Children in Britain being stunted by poor diet is shameful

<span>‘Public health measures to support healthy eating are needed now and the decline in public health nurses should be reversed.’</span><span>Photograph: Robert Slade/Alamy</span>
‘Public health measures to support healthy eating are needed now and the decline in public health nurses should be reversed.’Photograph: Robert Slade/Alamy

Re your report (UK children shorter, fatter and sicker amid poor diet and poverty, report finds, 19 June), sadly, this is nothing new; we persist in repeating the mistakes of the past. The Boer war revealed that 40% to 60% of volunteers to the army, mainly from working-class backgrounds, were rejected on medical grounds. They were of short stature and their poor diet resulted in poor health. As a result, public health measures were introduced, including the employment of health visitors and school nurses.

Data shows that health visitor numbers in England have reached an all-time low, decreasing by more than a third (37%) since 2015 to 7,030 in 2022. That’s approximately one health visitor per 509 children under five. Likewise, school nurses have seen a similar decline, decreasing by 33% between 2009 and 2022, from 2,915 to 1,945 (approximately one school nurse per 5,306 school-age child).

As a retired nurse who worked in public health for many years, I can testify to the importance of these professions in supporting families, and preventing ill health and child abuse. Their decline goes largely uncommented upon. Home visits to families with children under five have been reduced to a minimum and child health clinics reduced across the country, as has health screening in schools.

Rationing in the second world war led to an improvement in the diets as a result of the fair distribution of healthy food. Public health measures to support healthy eating are needed now and the decline in public health nurses should be reversed.

Do we really care more about making profits from selling unhealthy ultra-processed food for children to eat than investing in the health of the nation’s children?
Claire Godfrey
Stansted, Kent

• Your devastating news article was almost too painful to read. The condition it describes has even worse consequences than the headline suggests.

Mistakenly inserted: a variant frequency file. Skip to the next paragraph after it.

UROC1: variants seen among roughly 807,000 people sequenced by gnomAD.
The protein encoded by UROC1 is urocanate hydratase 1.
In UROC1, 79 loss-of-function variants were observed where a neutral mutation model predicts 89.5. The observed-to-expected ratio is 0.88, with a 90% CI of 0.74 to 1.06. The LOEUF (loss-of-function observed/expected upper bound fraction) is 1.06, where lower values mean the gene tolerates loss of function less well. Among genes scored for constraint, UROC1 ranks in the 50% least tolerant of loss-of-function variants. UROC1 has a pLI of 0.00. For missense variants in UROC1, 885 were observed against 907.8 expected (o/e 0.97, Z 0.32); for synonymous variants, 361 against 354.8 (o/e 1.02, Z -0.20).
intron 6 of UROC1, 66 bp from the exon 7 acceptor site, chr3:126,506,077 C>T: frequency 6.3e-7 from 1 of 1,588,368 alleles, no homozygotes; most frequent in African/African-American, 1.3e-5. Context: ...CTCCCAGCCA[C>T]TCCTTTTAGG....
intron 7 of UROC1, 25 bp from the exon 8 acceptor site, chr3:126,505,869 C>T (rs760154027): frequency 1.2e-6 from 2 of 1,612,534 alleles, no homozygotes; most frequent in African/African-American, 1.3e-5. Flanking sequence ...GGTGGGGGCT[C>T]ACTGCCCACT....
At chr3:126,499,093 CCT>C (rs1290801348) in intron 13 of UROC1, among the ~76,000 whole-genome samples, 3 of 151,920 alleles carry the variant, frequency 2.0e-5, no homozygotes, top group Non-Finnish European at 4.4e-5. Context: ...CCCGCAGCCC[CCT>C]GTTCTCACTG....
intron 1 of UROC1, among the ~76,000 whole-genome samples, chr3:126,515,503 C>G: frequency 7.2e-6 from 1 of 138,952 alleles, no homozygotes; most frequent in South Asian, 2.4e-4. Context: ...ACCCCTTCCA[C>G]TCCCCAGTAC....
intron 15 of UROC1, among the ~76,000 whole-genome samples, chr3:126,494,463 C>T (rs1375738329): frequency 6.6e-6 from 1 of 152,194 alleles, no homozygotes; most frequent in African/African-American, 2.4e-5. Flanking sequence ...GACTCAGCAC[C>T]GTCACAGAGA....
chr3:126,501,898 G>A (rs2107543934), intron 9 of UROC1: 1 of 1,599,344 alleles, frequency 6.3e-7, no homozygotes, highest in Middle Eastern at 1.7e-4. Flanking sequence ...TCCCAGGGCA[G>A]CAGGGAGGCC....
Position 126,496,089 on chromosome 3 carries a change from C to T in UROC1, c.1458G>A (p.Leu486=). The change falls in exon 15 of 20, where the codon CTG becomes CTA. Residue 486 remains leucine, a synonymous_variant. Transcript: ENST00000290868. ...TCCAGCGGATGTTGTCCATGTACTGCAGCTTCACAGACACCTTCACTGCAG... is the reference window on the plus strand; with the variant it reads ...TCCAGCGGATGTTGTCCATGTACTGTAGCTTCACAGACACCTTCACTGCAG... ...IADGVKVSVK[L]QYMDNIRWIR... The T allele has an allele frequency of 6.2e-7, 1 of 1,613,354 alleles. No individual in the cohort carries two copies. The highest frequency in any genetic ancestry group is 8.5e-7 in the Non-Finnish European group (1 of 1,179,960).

Not only are such young children smaller than their peers, but their intellectual and social development is likely to be irreversibly damaged. Their educational and job prospects will be seriously impaired, as will their ability to function as responsible citizens.

Stunting, as it is called, is endemic across sub-Saharan Africa, where its impact has a measurable effect on the national economies of more than 50 poor countries.

The fact of its existence in Britain speaks volumes about how we treat our children and reflects how services such as Sure Start, which were making such a difference in communities, were closed during the austerity policies pursued by the Conservatives during the Cameron and Osborne era.

Let’s hope that this report will spur the incoming administration to act quickly to give children’s health and nutrition a far higher priority.
Brian Waller
Retired director of social services

• The downward trajectory of the health of our children is a terrible indictment of decades of government disregard for healthy diets in both children and adults.

Poor diet has now overtaken smoking as the leading killer in many western countries. So let’s learn from history. The coalition Action on Smoking and Health, formed by the Royal College of Physicians in 1971, played a decisive role in achieving tobacco control in the UK. Now is the time for a comparable coalition against junk- and ultra-processed food (UPF).

The UK needs a unified voice, free from industry influence, to campaign and lobby government, and to raise awareness against the harms of UPF, and advise on healthy dietary strategies for consumers.
Richard Hoffman
Royston, Hertfordshire

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